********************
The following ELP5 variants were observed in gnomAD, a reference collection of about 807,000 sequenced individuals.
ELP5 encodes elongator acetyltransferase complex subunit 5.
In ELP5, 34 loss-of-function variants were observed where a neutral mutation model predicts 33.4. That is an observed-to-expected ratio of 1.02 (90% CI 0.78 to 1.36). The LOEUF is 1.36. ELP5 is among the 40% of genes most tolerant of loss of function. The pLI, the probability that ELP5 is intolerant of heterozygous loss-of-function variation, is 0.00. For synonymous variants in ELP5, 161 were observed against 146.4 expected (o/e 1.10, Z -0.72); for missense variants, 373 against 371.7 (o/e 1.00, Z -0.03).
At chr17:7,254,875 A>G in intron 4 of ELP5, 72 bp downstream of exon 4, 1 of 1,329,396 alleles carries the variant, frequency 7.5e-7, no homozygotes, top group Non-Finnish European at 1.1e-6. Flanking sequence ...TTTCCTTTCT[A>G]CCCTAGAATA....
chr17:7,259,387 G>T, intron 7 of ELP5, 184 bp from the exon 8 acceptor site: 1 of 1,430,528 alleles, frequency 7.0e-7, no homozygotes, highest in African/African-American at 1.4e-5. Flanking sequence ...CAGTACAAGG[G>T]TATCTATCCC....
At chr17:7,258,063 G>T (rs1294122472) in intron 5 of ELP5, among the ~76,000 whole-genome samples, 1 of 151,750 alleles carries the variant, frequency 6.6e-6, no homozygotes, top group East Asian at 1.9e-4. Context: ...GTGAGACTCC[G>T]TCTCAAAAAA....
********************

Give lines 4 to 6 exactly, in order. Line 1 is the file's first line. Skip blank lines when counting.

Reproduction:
At chr17:7,254,875 A>G in intron 4 of ELP5, 72 bp downstream of exon 4, 1 of 1,329,396 alleles carries the variant, frequency 7.5e-7, no homozygotes, top group Non-Finnish European at 1.1e-6. Flanking sequence ...TTTCCTTTCT[A>G]CCCTAGAATA....
chr17:7,259,387 G>T, intron 7 of ELP5, 184 bp from the exon 8 acceptor site: 1 of 1,430,528 alleles, frequency 7.0e-7, no homozygotes, highest in African/African-American at 1.4e-5. Flanking sequence ...CAGTACAAGG[G>T]TATCTATCCC....
At chr17:7,258,063 G>T (rs1294122472) in intron 5 of ELP5, among the ~76,000 whole-genome samples, 1 of 151,750 alleles carries the variant, frequency 6.6e-6, no homozygotes, top group East Asian at 1.9e-4. Context: ...GTGAGACTCC[G>T]TCTCAAAAAA....